Upon receiving a press release with the news that Hotel Teatro would be closing contemporary French institution Restaurant Kevin Taylor on March 29, we started to wonder about the future of fine dining around Denver, a city that has always prized ruggedness over refinement, in an era that glamorizes the farmer rather than the maître’d. So we asked Taylor himself, along with a few local heavy weights, to weigh in. Here, he, Frasca Food and Wine’s Bobby Stuckey and Flagstaff House’s Mark Monette touch on everything from the timeless chic of the French and $14 flatware to Thomas Keller's best year yet.
Given the democratization of serious cuisine, does fine dining still have a place in Colorado or elsewhere?
Taylor: You know, I think the biggest change is in the perception of what 'luxury' is. Many restaurants charge $35 for entrees, but they’re not providing all the accoutrements. Hotels drove the luxury-dining sector for years; it used to be our guests would turn their plates over and hold the glassware up to look at the brands. We never see that anymore. I was out for dinner on Saturday night and nobody was in a suit - not one person. The new generation wants to feel comfortable lounging around with their laptops in the lobby. So Teatro’s renovation will be more open, less formal, more driven by the bar. We do still see huge celebrations and five-hour dinners is at the Ellie Caulkins [Kevin Taylor’s at the Opera House]. It’s still the most beautiful room in the city, and we’re moving the chef and staff over there. But that’s driven by the theater crowd.
Stuckey: Look, in the late 1990s, people were already saying fine dining was dead. And when places like Charlie Trotter’s close, we go through this introspective period. But I’m not quite as much a believer in fine dining’s demise as everybody else. The French Laundry’s been open 20 years this summer and Thomas Keller’s having his best year to date. I was in San Francisco recently, and I had to beg, plead and steal to get a reservation at Saison. I spent $250 there before I even got a glass of water.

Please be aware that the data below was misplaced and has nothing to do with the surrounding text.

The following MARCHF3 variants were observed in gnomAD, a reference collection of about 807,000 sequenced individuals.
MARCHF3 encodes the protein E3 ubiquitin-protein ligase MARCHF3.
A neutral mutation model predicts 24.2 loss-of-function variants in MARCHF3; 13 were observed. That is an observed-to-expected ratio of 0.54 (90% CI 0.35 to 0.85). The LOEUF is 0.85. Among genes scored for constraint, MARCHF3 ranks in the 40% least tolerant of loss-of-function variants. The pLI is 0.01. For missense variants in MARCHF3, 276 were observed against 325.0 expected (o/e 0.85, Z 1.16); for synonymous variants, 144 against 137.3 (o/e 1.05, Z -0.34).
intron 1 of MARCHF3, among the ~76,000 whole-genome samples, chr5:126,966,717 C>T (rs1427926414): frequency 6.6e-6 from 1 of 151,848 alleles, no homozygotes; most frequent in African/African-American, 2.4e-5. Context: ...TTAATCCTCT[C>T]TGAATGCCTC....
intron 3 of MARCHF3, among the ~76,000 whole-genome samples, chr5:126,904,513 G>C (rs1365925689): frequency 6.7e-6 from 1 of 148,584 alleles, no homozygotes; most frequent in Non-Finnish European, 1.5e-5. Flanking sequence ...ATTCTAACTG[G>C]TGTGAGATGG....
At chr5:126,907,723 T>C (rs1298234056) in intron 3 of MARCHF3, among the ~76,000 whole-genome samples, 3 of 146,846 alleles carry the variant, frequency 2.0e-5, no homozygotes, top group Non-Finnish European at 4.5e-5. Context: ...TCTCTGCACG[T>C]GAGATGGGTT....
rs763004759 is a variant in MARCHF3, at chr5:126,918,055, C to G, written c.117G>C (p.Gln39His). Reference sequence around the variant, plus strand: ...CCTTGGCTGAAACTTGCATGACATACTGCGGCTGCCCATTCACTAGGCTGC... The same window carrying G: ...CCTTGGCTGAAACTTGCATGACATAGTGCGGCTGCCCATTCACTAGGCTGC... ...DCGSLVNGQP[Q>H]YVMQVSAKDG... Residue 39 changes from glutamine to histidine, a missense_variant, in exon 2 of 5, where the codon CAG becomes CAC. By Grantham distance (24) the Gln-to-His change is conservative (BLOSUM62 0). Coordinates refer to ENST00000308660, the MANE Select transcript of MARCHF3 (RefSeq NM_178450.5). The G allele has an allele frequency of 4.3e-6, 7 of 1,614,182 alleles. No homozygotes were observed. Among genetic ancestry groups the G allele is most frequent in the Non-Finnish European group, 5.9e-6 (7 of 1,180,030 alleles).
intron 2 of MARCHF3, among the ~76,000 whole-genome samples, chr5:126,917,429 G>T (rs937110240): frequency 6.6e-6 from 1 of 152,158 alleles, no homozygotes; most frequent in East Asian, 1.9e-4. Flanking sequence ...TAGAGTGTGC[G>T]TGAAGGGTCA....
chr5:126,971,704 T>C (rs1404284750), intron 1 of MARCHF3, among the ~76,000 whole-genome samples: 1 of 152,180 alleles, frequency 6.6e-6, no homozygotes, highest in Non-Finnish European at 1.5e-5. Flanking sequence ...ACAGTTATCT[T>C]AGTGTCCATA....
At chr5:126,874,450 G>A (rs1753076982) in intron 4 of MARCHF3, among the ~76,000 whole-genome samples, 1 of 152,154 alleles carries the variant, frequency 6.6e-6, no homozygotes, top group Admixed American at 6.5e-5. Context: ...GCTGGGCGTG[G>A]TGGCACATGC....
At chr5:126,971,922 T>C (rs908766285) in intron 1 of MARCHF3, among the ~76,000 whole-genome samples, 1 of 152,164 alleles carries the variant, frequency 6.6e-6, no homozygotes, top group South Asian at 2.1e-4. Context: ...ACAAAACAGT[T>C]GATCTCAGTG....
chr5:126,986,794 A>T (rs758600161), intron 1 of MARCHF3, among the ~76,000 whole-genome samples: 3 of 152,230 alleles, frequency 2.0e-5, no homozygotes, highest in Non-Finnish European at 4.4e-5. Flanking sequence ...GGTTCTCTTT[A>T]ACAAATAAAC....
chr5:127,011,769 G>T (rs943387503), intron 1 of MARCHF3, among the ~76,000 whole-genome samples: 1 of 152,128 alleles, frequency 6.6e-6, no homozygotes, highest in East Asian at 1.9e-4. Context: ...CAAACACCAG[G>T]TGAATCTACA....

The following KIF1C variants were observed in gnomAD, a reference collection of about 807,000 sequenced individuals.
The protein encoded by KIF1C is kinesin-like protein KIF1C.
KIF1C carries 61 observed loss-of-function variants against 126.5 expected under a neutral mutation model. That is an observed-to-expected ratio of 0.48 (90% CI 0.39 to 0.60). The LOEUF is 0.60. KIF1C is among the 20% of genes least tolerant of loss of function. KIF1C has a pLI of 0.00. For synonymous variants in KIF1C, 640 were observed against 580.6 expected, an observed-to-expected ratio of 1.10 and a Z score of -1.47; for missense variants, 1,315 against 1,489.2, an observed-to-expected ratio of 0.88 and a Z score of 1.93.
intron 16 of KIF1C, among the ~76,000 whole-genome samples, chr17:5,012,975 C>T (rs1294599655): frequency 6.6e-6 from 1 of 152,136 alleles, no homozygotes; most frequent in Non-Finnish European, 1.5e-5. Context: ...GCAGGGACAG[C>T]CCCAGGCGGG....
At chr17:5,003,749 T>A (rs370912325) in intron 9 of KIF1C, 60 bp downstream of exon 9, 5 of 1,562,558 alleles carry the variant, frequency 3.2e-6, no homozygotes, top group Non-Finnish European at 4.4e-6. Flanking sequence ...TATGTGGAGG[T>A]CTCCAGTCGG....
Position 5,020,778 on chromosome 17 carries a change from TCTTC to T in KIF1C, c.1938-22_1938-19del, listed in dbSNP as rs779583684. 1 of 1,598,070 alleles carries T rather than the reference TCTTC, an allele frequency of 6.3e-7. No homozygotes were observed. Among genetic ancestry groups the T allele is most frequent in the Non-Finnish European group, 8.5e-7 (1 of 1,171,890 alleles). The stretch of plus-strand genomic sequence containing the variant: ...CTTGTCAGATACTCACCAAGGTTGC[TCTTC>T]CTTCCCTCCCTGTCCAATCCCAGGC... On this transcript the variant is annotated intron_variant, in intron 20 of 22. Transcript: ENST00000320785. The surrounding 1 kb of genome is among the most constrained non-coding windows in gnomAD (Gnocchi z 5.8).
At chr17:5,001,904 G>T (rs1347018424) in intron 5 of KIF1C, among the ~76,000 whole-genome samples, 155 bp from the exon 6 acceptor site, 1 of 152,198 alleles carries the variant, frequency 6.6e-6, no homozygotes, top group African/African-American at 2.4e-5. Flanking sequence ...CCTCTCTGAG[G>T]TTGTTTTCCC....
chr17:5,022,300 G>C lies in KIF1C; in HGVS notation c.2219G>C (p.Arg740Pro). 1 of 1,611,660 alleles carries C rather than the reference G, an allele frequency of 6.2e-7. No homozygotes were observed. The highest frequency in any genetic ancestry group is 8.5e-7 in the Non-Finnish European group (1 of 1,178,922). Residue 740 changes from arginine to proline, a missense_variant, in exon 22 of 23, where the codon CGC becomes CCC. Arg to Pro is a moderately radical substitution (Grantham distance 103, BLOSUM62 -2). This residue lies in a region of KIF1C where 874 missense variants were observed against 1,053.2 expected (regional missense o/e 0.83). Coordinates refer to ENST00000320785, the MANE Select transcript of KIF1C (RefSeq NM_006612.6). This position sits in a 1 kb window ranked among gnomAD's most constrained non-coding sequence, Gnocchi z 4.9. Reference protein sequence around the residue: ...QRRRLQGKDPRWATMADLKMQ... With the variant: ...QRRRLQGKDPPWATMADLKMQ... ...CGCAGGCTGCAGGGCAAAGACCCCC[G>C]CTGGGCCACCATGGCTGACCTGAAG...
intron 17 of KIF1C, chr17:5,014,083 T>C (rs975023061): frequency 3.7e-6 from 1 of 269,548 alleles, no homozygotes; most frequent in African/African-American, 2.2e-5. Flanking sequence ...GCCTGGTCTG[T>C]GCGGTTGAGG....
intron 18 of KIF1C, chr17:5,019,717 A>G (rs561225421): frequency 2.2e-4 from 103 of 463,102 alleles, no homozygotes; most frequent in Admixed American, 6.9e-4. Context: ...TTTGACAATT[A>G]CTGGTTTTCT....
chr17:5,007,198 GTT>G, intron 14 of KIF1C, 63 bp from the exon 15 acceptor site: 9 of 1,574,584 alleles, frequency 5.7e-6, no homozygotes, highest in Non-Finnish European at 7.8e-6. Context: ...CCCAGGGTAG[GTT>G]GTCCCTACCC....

So I’m not sure this is fine dining’s obituary. Instead, I think there are some cities that go through phases. Take Phoenix as an example: it doesn’t have a fine-dining scene right now. Doesn’t have a formal restaurant. Is it because everyone wants something more casual? Maybe it’s just that nobody’s doing fine dining well right now. At the end of the day, there’s always going to be room for someone who strives for greatness. But it’s a commitment; expectations are higher, and you’re charging more, but you’re also giving more in the form of service.
Monette: At any level, the dining scene is always evolving. For instance, we do have a business-casual dress code - but it’s definitely gotten more lax. For Tastes on the Terrace, our summertime small-plates and cocktail hour, people want to come up in shorts, and we tend to allow it. It’s funny, I was just in Vegas for a Maîtres Cuisiniers de France event at The Venetian. I’m walking around the hotel in a tie, looking at all these people dressed so sloppily and thinking, “Is this how America looks?” But the French were all in suits. So I don’t think it’ll ever die. The sophisticated, well-traveled person will always be concerned with that show of respect.